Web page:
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The All-Star break gives fantasy owners the opportunity to reflect on their roster and gear up for the second half. Knowing which players to sell high on and which players to to hang on to can be the difference between first place in your league and falling short of the championship.

Savvy fantasy owners can recognize when one of their own players is at their peak value, and that they should be traded.

In this article, I will be recommending six highly-owned players who had great first halves, but likely won't continue their success in the second-half.

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Sell High Candidates - Batters

Chris Taylor (3B, LAD)

Chris Taylor has burst on to the scene in 2017, going from an organizational depth utility player to an everyday piece of the Dodgers lineup. In 72 games this year, Taylor has 10 homers and 11 steals with a .285 average, and on the surface, he would seem like a great player to own in the second-half. However, if you dig deeper into Taylor's peripherals, you will see that there is some major regression on the way. His batting average is being supported by an insanely high .380 BABIP. That means that he's been incredibly lucky with batted balls, with lots of them are falling in for hits. Taylor's BABIP should regress mightily, and his batting average is going to come plummeting down with it. Likewise, Taylor has a 28.2% K-rate, so he's not making enough contact to support his current batting average. Taylor also has a 20.4% HR/FB rate, which suggests that he won't be able to replicate his power output. He's actually hitting less fly balls than he was last year, at 29.5% compared to 2016's 33.3%. With his current statistics, Taylor can get you a solid haul in a trade, so pull the trigger now before regression hits him.

Scooter Gennett (2B, CIN)

Scooter Gennett has worked his way into everyday playing time for the Reds after his incredible first half. Gennett has batted .311 with 15 homers in his 73 games this year, so it's understandably tough for Reds manager Bryan Price to keep Gennett out of the lineup right now. However, when Gennett slows his pace, his playing time could see a sharp decrease, with Jose Peraza ready to take his job at second. Gennett has an absurd 25.4% HR/FB rate, and it's bizarre to see him hit so many home runs when his season high was 14 homers before this year. At 27-years-old, it's just tough to buy that his power spike is legit. So with an impending drop in power and loss of playing time, it's a great time to get rid of Scooter, as his value has likely peaked.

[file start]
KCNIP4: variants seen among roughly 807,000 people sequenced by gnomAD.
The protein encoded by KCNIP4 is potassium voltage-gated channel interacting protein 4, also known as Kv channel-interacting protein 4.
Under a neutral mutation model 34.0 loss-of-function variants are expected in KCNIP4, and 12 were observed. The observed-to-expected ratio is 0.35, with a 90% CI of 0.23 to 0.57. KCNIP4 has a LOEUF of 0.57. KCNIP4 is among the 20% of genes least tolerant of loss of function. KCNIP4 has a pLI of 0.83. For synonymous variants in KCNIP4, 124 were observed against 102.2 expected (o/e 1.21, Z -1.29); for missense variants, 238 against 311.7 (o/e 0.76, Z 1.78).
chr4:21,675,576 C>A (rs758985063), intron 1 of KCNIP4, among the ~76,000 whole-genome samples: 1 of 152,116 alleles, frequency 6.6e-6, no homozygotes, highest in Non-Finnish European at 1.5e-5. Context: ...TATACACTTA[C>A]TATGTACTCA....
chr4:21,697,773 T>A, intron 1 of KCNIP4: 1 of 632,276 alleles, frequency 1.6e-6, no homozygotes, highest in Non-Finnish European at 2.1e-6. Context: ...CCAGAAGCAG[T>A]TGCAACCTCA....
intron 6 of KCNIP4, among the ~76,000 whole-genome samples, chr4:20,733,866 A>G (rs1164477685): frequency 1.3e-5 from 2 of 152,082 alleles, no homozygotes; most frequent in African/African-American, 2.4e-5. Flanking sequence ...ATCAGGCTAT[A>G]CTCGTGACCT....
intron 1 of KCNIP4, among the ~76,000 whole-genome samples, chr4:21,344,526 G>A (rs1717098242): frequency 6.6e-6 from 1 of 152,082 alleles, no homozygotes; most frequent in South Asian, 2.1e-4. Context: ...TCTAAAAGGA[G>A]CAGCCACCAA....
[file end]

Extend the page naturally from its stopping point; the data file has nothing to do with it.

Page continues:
Trey Mancini (DH, BAL)

25-year-old rookie Trey Mancini has been destroying the ball for the Orioles this year, putting up a 133 wRC+, batting .312 with 14 homers. Mancini owners should be more than happy with what they've gotten out of him, but it's time to sell high before he backslides. Mancini has a .385 BABIP, so his .312 batting average isn't going to last for long. He also has a very poor 5.7% walk-rate, so he won't be on base very much once his average falls, meaning he won't score as many runs or contribute so many RBIs. Combined with a 26.4% K-rate, it's probable that Mancini's poor plate discipline will come back to bite him. Therefore, he's a great player to sell for a more established and legitimate asset.


Sell High Candidates - Pitchers

Ervin Santana (SP, MIN)

By conventional metrics, Ervin Santana is having a fantastic year, putting up a 2.99 ERA in 120 1/3 innings. However, if you dig deeper into the 34-year-old's numbers, you'll find that Santana is a ticking time-bomb. He's actually already regressed from last season, with his K-rate dropping from 19.9% last year to 18.8% this year, as well as an increased walk-rate from 7.1% to 8.3%. Santana's ugly 4.83 FIP gives a more accurate representation of how he will perform in the second half. He's riding on an incredibly low .217 BABIP that isn't going to last much longer, plus an 83.6% strand rate that's sure to regress. The bottom is going to fall out quick on Santana, so sell high while you can.

Jason Vargas (SP, KC)

Jason Vargas's 2.62 ERA ranks him third among all qualified starters, meaning you should be able to get a nice haul for him in a deal. Now would be the time to make that deal, since Vargas is going to be dealing with some regression in the second half. Vargas only has an 18.2% K-rate, so not only does he fail to contribute much to the strikeout category, but he also relies heavily on batted balls. That's reflected in his 3.79 FIP, which more accurately describes his true talent level. Likewise, his Deserved Run Average, or DRA, is at 3.93. This means Vargas is still a decent pitcher, but you can sell him for much more than that right now.

David Robertson (RP, CHW)

White Sox closer David Robertson is different from everyone else on this list, as he doesn't have any regression coming his way. However, with the White Sox in a full out rebuild, he's likely to follow the path of Jose Quintana and get traded to a contender. This is a risky spot for a closer, as he may be traded to a team that already has an established closer. In that case, Robertson would move to a setup role, and lose all of his saves. At that point, unless you're in a holds league, nearly all of Robertson's value is gone. It would be a smart move to get a positive return on Robertson instead of risking a complete loss.


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